Beyond formal schooling, young people need constructive opportunities for growth and development in structured, well-supervised settings. Such an environment allows youth to hone both general life competencies and employment skills. Virtually every child can profit from out-of-school programs that offer opportunities for positive development and an avenue for avoiding problem behaviors. For those young people who are most challenged, the availability of such programs can mean the difference between a life with a positive, upward trajectory and one that is on a perilous, sometimes tragic, course.
With parents working well beyond the time of school dismissal, children and youth need supervision and the opportunity to engage in safe, constructive activities in the hours after school. National and local studies have clearly documented that children and youth are at increased risk when there is a lack of parental supervision in the after-school hours. Fortunately, in the last few years, there has been an increasing societal focus on “out of school” time. Both state and local leaders have called publicly for the expansion of after-school and out-of-school programs for all children in need, setting time-specific goals for making services available.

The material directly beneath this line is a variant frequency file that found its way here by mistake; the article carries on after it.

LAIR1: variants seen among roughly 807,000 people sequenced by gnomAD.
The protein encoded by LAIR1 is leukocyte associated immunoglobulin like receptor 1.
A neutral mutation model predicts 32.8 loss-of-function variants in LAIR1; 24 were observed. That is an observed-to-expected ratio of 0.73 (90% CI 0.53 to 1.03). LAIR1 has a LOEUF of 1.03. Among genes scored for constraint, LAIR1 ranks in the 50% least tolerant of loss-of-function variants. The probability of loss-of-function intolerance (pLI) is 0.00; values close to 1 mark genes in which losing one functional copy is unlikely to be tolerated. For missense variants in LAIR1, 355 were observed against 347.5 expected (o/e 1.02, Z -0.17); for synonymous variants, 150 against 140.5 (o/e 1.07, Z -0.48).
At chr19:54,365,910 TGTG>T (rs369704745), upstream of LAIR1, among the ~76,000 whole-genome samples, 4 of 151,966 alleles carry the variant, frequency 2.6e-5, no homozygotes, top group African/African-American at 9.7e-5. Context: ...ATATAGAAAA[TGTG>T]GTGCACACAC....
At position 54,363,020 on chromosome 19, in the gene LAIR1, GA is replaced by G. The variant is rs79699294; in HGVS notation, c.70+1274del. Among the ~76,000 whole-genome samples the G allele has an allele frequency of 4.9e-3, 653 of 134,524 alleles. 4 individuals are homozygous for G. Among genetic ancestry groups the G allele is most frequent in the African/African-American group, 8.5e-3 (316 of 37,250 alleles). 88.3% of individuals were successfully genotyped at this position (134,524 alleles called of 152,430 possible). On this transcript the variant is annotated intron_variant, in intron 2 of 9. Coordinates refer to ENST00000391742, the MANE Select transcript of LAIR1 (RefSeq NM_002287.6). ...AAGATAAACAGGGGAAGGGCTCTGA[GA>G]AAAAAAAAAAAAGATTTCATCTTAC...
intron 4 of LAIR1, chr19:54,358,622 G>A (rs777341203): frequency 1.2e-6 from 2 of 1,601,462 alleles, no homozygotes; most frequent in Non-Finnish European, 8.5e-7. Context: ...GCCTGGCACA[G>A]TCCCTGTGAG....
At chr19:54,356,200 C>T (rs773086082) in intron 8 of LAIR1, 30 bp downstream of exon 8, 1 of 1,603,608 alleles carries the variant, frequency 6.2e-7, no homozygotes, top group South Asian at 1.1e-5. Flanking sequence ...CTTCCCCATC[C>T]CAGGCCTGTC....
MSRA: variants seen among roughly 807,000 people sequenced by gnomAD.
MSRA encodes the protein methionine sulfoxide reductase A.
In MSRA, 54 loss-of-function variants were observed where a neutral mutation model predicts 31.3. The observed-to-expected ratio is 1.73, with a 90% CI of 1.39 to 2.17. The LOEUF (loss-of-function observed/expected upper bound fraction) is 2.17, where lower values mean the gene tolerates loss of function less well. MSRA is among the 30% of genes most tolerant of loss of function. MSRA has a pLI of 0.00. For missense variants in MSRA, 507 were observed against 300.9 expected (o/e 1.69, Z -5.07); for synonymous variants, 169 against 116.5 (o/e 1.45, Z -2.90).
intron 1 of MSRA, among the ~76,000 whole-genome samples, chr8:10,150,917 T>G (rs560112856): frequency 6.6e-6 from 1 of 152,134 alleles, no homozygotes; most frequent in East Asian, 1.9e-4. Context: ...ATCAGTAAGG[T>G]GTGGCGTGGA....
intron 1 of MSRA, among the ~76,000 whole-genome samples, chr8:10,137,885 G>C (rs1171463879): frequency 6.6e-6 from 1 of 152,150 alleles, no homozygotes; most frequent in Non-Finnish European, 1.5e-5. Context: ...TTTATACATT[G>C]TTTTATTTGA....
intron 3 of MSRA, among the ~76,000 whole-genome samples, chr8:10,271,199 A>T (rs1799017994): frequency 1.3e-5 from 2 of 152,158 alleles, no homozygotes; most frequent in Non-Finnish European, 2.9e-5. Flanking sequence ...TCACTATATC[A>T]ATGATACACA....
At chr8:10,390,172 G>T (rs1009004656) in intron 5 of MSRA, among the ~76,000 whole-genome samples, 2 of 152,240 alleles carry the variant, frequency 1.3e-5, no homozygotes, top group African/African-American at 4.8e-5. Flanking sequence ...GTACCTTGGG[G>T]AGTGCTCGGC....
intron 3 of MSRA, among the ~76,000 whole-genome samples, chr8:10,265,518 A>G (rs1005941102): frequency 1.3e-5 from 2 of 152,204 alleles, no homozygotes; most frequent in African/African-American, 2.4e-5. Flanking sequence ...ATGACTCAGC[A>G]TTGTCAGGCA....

A critical step toward promoting positive youth development is the establishment of safe settings and high quality programs through which young people can acquire life and employment skills, and focus on a career development plan that provides the foundation for life-long economic opportunity. Contact with caring adults, mentoring programs, tutoring opportunities, and sports programs all provide settings in which youth can acquire skills and develop relationships with positive role models. While schools are providing more and more auxiliary services with very limited resources, they are not capable of shouldering the burden alone; the community at large must provide resources for the adequate provision of comprehensive youth development services.